Accelerating antimalarial drug discovery through repositioning
, PhD thesis, University of Salford.
Of the plethora of parasitic diseases that afflict mankind, malaria remains the most significant with 100-300 million cases reported annually and 600,000 fatalities. Treatment and control measures have been hampered by the emergence of drug resistance to most antimalarial therapies. Early signs of drug resistance to the current frontline option, the artemisinins, make it imperative that novel drug candidates are discovered. One possible short-term solution is drug repositioning, via screening existing FDA-approved (Food and Drug Administration agency) drug libraries for antimalarial activity. Towards this goal, two, fast, simple, and reliable in vitro SYBR Green-based drug susceptibility assays were optimised. The first, the SYBR Green microplate method offered a medium throughput option that was used to screen two FDA-approved libraries (Z score = 0.68 +0.06), LOPAC and ENZO (~700 compounds). Approximately 60 hits, defined as > 50 % inhibition at 2.5 µM, were identified by the preliminary screen. The SYBR Green flow cytometer method, capable of providing direct parasitaemia estimates and stage-specific information, was used for second-phase characterisation of the hits. From these, antiamoebic compound emetine dihydrochloride hydrate was identified as a potent inhibitor of the multidrug resistant Plasmodium falciparum, strain K1, with an IC50 of 47 nM (95 %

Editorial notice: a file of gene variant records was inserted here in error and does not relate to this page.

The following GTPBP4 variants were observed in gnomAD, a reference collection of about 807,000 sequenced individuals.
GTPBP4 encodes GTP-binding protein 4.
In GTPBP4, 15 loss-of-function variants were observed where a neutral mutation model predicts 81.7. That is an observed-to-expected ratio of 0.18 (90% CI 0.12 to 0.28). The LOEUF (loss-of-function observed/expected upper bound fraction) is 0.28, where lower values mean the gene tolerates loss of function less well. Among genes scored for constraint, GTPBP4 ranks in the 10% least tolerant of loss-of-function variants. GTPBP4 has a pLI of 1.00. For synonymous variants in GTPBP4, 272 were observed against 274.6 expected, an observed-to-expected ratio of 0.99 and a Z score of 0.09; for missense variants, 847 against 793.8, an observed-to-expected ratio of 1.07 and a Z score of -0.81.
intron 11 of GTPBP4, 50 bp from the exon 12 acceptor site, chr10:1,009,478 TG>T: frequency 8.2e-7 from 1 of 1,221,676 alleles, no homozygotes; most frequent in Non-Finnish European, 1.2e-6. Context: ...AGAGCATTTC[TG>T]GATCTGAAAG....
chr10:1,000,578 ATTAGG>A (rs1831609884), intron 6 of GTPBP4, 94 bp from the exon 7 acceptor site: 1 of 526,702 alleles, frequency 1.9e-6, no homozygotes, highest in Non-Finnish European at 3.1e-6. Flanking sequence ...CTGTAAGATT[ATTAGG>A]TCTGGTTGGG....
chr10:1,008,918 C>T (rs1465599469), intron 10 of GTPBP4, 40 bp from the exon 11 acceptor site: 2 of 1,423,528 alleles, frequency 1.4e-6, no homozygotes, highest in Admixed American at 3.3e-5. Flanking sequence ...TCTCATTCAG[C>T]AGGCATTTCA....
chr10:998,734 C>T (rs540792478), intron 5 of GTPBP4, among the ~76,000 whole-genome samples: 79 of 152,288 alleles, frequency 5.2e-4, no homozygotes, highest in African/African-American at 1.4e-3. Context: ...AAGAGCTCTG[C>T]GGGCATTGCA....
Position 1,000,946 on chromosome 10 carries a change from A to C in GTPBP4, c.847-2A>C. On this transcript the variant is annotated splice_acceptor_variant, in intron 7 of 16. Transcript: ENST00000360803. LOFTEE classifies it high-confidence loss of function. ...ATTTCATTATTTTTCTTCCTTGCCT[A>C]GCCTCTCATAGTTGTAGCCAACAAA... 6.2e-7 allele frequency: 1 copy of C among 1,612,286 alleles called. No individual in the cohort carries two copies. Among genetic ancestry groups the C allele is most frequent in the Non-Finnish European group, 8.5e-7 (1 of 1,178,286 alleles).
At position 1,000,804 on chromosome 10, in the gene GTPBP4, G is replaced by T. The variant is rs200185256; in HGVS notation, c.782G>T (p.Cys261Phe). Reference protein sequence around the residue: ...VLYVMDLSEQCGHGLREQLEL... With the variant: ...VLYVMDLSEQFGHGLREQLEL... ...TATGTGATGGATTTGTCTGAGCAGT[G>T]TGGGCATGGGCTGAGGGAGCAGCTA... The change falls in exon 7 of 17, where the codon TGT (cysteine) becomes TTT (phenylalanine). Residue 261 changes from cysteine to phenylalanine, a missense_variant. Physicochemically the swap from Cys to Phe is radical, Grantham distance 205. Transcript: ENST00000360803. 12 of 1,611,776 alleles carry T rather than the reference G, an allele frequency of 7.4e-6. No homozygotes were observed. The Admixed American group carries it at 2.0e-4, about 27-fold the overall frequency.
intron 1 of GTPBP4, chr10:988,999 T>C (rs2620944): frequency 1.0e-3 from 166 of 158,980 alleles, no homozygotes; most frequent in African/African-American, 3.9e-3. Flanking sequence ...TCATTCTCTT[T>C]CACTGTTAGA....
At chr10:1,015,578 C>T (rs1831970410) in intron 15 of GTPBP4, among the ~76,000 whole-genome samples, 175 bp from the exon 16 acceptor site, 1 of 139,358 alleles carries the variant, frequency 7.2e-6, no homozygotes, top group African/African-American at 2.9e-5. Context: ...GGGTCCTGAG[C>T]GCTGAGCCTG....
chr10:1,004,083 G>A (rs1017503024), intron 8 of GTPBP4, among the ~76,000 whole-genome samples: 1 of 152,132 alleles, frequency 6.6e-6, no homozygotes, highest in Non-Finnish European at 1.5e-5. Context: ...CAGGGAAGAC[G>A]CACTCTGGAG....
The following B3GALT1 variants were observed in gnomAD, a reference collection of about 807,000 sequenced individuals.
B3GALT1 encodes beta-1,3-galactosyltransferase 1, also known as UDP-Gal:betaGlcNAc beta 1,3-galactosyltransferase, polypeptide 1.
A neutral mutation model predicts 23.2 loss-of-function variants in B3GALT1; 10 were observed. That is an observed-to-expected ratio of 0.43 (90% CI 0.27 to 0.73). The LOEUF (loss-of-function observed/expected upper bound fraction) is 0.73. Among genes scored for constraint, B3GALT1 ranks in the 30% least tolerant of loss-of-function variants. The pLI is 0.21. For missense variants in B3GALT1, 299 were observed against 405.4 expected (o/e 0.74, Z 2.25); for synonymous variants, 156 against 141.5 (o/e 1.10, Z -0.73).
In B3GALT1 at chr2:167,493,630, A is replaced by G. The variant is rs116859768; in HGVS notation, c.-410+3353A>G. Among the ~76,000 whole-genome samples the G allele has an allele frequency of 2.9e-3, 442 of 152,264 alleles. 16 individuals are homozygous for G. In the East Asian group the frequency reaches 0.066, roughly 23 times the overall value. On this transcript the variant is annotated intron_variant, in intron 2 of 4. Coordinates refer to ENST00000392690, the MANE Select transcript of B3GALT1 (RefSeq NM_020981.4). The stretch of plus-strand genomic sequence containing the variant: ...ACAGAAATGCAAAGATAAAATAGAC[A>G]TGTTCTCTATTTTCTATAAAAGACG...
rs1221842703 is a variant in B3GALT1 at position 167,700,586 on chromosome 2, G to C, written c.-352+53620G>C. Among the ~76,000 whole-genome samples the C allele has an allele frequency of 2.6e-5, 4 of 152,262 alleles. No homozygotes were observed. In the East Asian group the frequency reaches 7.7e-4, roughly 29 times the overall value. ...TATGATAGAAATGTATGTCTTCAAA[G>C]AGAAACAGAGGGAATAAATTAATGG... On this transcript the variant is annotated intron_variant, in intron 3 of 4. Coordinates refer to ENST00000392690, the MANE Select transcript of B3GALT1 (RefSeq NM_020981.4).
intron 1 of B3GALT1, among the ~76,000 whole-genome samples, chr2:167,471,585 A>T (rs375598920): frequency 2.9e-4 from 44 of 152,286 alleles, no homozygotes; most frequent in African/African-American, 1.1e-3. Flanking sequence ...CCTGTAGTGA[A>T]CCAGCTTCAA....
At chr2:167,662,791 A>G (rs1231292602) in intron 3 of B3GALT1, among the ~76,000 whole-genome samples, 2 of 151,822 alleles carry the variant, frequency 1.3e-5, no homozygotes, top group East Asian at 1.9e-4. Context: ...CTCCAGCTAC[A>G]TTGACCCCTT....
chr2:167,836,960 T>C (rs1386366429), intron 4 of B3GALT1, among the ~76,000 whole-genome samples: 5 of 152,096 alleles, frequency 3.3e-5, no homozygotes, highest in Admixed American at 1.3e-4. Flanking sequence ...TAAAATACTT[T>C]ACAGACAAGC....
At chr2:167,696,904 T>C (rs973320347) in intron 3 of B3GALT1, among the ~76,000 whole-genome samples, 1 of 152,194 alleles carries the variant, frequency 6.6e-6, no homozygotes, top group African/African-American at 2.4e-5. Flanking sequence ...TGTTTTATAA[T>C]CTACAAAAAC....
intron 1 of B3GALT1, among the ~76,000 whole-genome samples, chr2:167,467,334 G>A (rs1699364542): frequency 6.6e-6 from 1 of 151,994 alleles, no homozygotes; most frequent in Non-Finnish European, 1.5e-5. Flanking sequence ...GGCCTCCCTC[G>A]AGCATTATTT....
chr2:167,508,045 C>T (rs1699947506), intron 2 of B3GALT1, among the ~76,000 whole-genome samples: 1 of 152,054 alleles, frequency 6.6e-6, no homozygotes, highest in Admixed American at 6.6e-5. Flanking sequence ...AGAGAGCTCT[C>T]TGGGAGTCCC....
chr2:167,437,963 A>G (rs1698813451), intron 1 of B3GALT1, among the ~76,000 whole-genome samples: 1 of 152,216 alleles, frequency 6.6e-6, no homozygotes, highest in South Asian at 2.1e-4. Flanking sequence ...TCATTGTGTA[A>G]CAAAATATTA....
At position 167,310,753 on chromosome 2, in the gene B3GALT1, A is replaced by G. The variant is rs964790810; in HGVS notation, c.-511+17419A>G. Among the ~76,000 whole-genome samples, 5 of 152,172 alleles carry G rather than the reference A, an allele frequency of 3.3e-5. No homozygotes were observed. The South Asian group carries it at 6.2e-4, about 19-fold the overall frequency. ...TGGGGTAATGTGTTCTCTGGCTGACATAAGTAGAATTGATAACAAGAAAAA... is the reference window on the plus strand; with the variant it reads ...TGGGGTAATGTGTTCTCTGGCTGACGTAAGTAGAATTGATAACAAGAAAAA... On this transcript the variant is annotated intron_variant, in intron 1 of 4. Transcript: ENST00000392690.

confidence interval 44.92-49.17). Further characterisation of the compound involved analysis of the parasite killing profile, to determine the parasite reduction ratio (PRR) and parasite clearance time (PCT) as well drug interaction analysis with existing antimalarials. Emetine was shown to have a similar killing profile to atovaquone inferring a similar mitochondrial mode of action, corroborated by fluorescence staining with the JC-1 mitochondrial probe. Taken together, emetine’s pharmacokinetic matching and synergy with atovaquone provide an exciting drug combination for further investigation. The relatively high hit rate presented in the study, and in vitro workflow outlined for emetine, also showed drug repositioning to be a promising option for antimalarial drug discovery.
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